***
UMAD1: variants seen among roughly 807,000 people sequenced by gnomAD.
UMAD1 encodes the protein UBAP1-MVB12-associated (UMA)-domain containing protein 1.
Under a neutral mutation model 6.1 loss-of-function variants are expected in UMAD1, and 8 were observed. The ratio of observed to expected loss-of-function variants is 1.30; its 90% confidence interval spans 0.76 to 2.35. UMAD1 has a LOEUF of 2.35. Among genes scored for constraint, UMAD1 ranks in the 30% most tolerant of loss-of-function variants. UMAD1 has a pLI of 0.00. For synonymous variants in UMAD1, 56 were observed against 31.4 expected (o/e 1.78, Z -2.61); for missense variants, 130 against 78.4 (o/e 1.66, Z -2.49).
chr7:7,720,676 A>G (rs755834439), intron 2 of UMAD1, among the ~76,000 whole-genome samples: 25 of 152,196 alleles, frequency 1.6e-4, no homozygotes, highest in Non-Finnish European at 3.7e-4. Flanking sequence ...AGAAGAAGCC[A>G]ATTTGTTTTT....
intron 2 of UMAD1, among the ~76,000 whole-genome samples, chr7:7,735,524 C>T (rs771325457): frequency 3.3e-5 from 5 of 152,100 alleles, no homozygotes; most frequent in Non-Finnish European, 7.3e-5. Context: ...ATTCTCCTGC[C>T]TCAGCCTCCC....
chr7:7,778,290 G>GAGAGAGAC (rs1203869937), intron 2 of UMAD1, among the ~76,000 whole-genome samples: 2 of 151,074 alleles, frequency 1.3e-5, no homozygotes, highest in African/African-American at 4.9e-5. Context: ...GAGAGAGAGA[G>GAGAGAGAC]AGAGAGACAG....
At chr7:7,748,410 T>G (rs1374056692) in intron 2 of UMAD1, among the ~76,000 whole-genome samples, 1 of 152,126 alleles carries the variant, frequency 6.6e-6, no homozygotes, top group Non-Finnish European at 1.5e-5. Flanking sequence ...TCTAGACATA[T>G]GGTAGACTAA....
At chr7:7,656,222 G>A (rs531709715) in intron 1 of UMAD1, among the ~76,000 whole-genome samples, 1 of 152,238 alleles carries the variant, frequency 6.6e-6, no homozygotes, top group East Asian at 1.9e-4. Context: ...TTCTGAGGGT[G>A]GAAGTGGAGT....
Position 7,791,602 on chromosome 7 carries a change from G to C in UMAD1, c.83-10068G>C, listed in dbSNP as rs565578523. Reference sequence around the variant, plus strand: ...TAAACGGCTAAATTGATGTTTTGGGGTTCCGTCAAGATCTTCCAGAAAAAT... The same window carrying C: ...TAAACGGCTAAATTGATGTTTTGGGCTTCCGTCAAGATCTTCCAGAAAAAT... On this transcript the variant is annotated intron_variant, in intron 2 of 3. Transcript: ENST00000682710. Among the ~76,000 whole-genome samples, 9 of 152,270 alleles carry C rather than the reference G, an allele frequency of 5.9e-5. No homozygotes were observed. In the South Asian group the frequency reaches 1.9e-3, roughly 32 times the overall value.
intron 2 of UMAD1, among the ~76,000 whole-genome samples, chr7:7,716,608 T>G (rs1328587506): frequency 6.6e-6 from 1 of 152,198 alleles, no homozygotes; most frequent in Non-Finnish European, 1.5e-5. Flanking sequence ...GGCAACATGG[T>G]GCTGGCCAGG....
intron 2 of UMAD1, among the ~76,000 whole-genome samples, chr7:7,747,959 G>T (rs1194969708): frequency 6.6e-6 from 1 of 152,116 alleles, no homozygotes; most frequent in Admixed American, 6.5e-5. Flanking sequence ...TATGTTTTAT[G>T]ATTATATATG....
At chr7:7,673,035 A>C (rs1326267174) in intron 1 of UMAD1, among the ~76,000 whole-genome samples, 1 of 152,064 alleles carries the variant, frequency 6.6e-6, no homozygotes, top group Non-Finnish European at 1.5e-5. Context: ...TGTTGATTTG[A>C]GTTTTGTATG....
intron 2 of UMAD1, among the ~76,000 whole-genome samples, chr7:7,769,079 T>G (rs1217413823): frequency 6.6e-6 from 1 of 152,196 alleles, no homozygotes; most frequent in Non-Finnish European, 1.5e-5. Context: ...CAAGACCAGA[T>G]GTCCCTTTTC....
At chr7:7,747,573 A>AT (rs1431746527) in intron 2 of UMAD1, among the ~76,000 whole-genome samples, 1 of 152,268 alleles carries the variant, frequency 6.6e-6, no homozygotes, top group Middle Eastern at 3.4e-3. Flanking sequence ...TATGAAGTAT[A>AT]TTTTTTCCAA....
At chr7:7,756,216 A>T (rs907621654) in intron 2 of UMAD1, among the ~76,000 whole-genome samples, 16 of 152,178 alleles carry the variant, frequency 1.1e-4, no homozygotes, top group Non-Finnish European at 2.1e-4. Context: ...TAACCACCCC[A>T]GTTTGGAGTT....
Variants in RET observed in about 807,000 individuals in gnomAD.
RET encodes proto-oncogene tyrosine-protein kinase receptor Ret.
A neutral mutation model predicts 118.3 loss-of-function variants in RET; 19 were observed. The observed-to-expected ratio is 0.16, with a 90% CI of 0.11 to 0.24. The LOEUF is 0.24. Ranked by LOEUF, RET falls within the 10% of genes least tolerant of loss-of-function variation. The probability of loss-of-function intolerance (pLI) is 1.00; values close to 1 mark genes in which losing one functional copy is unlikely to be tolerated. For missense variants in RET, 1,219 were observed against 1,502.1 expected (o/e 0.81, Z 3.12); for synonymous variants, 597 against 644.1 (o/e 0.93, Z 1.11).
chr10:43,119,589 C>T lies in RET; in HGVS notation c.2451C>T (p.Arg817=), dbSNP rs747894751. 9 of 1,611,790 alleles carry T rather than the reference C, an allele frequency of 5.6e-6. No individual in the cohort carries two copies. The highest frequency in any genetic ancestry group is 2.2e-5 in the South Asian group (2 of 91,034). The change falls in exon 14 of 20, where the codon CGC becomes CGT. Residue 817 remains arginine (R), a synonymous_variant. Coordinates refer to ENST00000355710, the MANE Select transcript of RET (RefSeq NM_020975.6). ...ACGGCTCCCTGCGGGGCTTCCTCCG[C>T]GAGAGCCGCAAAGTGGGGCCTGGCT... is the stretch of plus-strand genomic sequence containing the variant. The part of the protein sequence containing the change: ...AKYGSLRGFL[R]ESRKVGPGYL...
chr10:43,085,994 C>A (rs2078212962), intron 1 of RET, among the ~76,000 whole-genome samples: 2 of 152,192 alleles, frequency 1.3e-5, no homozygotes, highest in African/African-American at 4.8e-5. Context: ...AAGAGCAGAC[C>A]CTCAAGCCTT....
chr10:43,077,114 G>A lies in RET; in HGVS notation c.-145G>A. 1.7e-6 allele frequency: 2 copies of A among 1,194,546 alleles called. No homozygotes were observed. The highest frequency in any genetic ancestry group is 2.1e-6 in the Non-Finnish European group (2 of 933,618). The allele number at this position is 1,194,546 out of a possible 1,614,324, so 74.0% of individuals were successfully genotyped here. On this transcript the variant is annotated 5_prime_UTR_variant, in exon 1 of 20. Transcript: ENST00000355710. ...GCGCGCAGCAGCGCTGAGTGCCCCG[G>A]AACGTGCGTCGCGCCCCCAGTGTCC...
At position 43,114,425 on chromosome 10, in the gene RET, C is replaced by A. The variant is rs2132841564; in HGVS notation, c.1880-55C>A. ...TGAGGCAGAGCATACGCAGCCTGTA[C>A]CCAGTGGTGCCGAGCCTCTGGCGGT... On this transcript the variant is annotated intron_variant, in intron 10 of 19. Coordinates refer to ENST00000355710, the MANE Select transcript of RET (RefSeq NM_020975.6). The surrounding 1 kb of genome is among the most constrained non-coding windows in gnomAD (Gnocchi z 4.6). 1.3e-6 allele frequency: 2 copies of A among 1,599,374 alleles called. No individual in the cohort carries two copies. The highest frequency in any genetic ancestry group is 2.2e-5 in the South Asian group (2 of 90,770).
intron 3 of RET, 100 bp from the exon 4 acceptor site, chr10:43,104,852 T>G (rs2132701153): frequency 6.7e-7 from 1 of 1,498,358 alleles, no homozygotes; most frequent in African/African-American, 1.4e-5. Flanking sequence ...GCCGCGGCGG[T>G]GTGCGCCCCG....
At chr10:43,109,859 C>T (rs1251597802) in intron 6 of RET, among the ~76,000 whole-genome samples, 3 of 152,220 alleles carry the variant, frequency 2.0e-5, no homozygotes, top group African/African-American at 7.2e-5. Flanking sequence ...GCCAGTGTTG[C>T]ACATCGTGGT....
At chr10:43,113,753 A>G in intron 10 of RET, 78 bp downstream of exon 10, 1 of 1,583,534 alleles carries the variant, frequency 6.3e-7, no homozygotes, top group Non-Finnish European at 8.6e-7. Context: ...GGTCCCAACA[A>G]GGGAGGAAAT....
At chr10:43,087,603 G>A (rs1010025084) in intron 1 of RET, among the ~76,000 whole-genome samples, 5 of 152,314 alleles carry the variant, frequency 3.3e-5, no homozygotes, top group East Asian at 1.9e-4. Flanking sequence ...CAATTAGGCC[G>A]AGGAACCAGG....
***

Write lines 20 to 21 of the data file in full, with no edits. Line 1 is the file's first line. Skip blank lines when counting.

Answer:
chr10:43,085,994 C>A (rs2078212962), intron 1 of RET, among the ~76,000 whole-genome samples: 2 of 152,192 alleles, frequency 1.3e-5, no homozygotes, highest in African/African-American at 4.8e-5. Context: ...AAGAGCAGAC[C>A]CTCAAGCCTT....
chr10:43,077,114 G>A lies in RET; in HGVS notation c.-145G>A. 1.7e-6 allele frequency: 2 copies of A among 1,194,546 alleles called. No homozygotes were observed. The highest frequency in any genetic ancestry group is 2.1e-6 in the Non-Finnish European group (2 of 933,618). The allele number at this position is 1,194,546 out of a possible 1,614,324, so 74.0% of individuals were successfully genotyped here. On this transcript the variant is annotated 5_prime_UTR_variant, in exon 1 of 20. Transcript: ENST00000355710. ...GCGCGCAGCAGCGCTGAGTGCCCCG[G>A]AACGTGCGTCGCGCCCCCAGTGTCC...